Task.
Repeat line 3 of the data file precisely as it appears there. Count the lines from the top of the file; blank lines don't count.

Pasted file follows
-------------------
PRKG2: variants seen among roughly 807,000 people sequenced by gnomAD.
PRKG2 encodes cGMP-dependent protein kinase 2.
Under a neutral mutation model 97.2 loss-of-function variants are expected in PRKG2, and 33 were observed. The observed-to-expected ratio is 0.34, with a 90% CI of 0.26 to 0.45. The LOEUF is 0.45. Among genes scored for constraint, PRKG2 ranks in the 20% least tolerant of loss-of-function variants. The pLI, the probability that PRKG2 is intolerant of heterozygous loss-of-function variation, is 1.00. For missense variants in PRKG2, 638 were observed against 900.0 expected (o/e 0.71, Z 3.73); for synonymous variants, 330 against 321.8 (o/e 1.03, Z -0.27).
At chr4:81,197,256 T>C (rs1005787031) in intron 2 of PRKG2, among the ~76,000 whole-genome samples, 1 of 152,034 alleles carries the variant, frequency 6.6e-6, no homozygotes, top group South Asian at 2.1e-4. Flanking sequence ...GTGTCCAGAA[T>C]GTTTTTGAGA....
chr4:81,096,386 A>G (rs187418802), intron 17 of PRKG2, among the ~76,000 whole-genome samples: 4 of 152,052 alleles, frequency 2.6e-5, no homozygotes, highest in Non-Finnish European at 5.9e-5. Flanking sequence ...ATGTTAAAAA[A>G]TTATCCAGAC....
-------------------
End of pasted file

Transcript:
Under a neutral mutation model 97.2 loss-of-function variants are expected in PRKG2, and 33 were observed. The observed-to-expected ratio is 0.34, with a 90% CI of 0.26 to 0.45. The LOEUF is 0.45. Among genes scored for constraint, PRKG2 ranks in the 20% least tolerant of loss-of-function variants. The pLI, the probability that PRKG2 is intolerant of heterozygous loss-of-function variation, is 1.00. For missense variants in PRKG2, 638 were observed against 900.0 expected (o/e 0.71, Z 3.73); for synonymous variants, 330 against 321.8 (o/e 1.03, Z -0.27).